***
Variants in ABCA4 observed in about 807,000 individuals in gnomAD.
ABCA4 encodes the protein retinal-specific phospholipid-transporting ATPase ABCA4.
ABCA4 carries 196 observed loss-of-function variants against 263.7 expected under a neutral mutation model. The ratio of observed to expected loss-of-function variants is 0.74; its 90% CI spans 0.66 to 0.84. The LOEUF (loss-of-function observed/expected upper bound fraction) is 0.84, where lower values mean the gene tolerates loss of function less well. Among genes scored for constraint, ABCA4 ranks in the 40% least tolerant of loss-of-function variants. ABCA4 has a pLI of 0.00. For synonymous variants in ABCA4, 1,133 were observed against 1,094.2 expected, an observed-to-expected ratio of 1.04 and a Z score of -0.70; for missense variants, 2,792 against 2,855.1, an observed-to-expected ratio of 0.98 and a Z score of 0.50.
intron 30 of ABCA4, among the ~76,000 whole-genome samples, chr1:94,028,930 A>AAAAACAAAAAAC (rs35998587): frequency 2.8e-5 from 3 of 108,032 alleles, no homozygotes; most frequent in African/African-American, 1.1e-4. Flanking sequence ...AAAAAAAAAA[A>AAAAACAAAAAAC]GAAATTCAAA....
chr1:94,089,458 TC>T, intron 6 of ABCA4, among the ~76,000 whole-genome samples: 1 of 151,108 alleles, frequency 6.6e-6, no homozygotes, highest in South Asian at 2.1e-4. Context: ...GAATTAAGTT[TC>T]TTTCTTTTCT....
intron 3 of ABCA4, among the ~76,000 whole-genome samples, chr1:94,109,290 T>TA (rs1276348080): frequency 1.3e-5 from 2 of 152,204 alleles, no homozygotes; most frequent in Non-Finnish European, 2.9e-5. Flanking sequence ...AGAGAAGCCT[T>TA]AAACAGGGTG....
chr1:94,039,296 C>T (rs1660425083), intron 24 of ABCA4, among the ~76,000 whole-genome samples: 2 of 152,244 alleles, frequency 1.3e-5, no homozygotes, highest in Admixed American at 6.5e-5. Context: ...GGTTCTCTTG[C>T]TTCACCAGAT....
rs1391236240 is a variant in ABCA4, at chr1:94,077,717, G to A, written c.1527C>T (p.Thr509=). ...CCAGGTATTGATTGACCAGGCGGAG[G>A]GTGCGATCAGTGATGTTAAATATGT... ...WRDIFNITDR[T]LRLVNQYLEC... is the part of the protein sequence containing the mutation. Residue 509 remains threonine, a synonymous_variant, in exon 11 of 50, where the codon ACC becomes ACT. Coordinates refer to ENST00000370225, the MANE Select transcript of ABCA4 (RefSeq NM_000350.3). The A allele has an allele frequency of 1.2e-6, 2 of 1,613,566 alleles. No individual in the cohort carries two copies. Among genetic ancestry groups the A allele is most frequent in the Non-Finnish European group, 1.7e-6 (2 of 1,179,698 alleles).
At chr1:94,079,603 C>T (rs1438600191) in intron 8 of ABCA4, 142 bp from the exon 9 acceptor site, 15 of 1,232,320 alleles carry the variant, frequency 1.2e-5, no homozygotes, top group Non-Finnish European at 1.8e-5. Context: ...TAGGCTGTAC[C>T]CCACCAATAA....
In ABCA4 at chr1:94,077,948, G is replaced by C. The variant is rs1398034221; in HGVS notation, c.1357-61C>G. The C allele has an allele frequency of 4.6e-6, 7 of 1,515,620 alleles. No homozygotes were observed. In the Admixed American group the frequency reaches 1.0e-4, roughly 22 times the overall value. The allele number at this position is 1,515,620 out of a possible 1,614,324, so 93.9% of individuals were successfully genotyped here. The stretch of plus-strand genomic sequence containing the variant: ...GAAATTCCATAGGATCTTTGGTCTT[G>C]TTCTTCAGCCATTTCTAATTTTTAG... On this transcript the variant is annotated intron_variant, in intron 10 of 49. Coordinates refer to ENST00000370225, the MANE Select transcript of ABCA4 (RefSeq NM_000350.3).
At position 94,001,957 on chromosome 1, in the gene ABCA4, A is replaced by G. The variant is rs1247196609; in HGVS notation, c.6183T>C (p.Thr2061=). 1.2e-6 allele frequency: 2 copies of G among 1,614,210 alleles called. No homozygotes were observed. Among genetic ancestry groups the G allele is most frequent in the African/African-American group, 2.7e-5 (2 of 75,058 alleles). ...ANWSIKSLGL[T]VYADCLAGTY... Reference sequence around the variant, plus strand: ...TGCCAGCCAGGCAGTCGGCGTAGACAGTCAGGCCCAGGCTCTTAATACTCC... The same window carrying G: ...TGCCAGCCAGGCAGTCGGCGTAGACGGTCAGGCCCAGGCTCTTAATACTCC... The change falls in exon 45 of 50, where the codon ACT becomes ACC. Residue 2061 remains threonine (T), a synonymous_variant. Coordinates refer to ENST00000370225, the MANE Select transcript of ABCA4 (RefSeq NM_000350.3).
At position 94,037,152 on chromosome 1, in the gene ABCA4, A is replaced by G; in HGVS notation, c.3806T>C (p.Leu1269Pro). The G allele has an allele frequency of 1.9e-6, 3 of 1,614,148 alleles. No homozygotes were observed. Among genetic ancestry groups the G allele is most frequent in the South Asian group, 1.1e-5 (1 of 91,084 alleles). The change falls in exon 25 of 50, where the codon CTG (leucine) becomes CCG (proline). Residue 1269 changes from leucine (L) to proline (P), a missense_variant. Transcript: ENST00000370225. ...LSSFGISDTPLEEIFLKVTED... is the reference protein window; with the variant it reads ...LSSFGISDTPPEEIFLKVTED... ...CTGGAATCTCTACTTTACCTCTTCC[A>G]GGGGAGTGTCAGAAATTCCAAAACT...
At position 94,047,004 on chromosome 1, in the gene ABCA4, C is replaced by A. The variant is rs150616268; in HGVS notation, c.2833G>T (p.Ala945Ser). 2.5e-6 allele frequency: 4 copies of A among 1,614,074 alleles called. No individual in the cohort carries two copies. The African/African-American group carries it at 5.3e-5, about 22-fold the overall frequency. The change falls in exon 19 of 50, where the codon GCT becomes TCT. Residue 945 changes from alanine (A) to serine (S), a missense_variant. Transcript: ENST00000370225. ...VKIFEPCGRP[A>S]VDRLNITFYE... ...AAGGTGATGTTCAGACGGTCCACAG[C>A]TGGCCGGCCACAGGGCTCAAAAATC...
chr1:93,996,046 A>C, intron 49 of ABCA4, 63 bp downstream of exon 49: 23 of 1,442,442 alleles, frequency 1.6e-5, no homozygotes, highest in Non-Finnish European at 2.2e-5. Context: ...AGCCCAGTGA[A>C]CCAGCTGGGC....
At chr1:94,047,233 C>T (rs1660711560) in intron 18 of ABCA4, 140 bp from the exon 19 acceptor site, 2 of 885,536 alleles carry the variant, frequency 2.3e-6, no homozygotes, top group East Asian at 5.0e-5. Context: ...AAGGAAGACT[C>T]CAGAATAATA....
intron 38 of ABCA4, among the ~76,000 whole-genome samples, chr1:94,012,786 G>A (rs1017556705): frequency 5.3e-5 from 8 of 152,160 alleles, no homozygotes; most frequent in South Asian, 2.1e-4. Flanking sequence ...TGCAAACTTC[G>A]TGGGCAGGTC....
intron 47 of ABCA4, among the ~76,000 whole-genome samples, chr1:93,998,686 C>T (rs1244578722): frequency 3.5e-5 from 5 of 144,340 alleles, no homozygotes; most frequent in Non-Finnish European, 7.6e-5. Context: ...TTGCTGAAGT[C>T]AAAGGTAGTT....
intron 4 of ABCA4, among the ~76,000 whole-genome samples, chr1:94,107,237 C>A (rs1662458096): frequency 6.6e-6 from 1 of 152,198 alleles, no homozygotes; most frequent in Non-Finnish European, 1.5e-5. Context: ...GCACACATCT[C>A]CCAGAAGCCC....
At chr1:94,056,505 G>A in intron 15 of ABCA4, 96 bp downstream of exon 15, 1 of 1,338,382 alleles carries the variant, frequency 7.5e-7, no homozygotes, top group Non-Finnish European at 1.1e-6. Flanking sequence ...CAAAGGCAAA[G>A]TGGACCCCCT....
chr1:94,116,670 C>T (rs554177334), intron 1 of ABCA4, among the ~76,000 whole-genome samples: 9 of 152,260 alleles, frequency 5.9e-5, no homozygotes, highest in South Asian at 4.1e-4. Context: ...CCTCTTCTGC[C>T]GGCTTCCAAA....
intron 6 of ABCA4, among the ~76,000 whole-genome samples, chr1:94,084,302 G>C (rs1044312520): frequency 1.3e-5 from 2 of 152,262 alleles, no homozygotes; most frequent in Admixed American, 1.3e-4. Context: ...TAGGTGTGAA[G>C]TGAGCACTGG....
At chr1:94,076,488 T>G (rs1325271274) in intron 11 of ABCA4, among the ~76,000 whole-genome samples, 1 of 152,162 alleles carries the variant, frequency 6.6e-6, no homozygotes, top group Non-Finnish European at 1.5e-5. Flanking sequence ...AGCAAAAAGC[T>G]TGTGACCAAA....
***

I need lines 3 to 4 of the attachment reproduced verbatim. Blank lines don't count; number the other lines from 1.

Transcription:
ABCA4 carries 196 observed loss-of-function variants against 263.7 expected under a neutral mutation model. The ratio of observed to expected loss-of-function variants is 0.74; its 90% CI spans 0.66 to 0.84. The LOEUF (loss-of-function observed/expected upper bound fraction) is 0.84, where lower values mean the gene tolerates loss of function less well. Among genes scored for constraint, ABCA4 ranks in the 40% least tolerant of loss-of-function variants. ABCA4 has a pLI of 0.00. For synonymous variants in ABCA4, 1,133 were observed against 1,094.2 expected, an observed-to-expected ratio of 1.04 and a Z score of -0.70; for missense variants, 2,792 against 2,855.1, an observed-to-expected ratio of 0.98 and a Z score of 0.50.
intron 30 of ABCA4, among the ~76,000 whole-genome samples, chr1:94,028,930 A>AAAAACAAAAAAC (rs35998587): frequency 2.8e-5 from 3 of 108,032 alleles, no homozygotes; most frequent in African/African-American, 1.1e-4. Flanking sequence ...AAAAAAAAAA[A>AAAAACAAAAAAC]GAAATTCAAA....